Field Notes:

  • Let us now consider the curious phenomenon that TVTropes has dubbed Sesame Street Cred: the enormous cachet celebrities gain by making an appearance on the Street (or, by now, nearby programming suburbs) as driven by the mutual realisation that few things are as appealing to parents as attractive, talented adults voluntarily taking time out to hang with little kids.
  • I mention it because, well, it got a little lost in all the LoG hype, but somewhere in the off-season — in much the more traditional manner of these things — currently-hot stand-up comic/Willbond’s Thick of It co-star Chris Addison also revealed himself and family as big fans, and could he please come over and play sometime? Not, nota bene, get the Big Name treatment, or even his own segment, or anything; just maybe hang out with the HH troupe for awhile.
  • In other words it was, even more than the opportunity to host Mark Gatiss’ class reunion, validation that the HH crew had attained to SSCred on their own merits — their own creative merits. The kid’s show had hit another small but significant milestone on the road to grownup credibility: they had evolved into not only a place where adult celebrities wanted to be, but where they wanted to interact on the show’s own terms. A mutually-beneficial enhancement of talent, not just image.
  • As if to demonstrate exactly how that happened, our song this week is the first HH tuneage to be based entirely around the triumph of intellectual discovery, rather than the more conveniently relateable personal or moral conquest. And somehow young Mathew gets that, on a visceral level that makes this easily his best performance, musical or otherwise, of the show to even date.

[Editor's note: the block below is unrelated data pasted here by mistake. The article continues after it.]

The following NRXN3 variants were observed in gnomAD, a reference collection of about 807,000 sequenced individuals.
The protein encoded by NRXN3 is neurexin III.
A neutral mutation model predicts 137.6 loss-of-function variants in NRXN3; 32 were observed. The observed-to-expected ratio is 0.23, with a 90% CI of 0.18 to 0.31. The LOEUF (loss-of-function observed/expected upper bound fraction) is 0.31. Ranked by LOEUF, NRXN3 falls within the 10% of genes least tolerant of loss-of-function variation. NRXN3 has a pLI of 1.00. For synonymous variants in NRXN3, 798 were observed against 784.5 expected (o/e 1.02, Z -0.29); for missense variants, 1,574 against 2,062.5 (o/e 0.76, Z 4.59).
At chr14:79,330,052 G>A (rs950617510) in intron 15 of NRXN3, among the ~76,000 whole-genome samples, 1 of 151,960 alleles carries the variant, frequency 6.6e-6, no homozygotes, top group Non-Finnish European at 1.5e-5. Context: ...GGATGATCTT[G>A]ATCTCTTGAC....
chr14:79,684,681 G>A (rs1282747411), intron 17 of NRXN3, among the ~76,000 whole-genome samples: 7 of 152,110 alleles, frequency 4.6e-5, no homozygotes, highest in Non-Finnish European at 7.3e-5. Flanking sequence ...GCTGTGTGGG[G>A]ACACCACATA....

• (Also weirdly — and amusingly — reminiscent of another. As portrayed on HH, Darwin’s closest cousin may be Robert Knox, the unwitting conspirator of Burke & Hare.)
  • Sure, it helps that this time they gave him a note-perfect Bowie pastiche, but honestly, even then, this could’ve been so stupidly goofy, and instead — lo these many months later — I am still cranky about it not winning Baynton that Best Actor BAFTA. Picture, say,  Bill Nye… except as translated through a Victorian gentleman in his eighties. In which case picture all that same charm and enthusiasm, only confined mostly to those uncannily expressive eyes, glittering with all the reminiscent awe of ch-ch-changing our fundamental relationship to the universe…
  • Also, OK, there’s a drumming gorilla. Regardless of which the staging matches the performance note-for-sweetly-erudite-note; fully managing to be silly while refusing to compromise the sophistication. It all represents possibly the most intelligent series of artistic choices the show ever made. Just edging out Richard III’s song by a stuffed finch.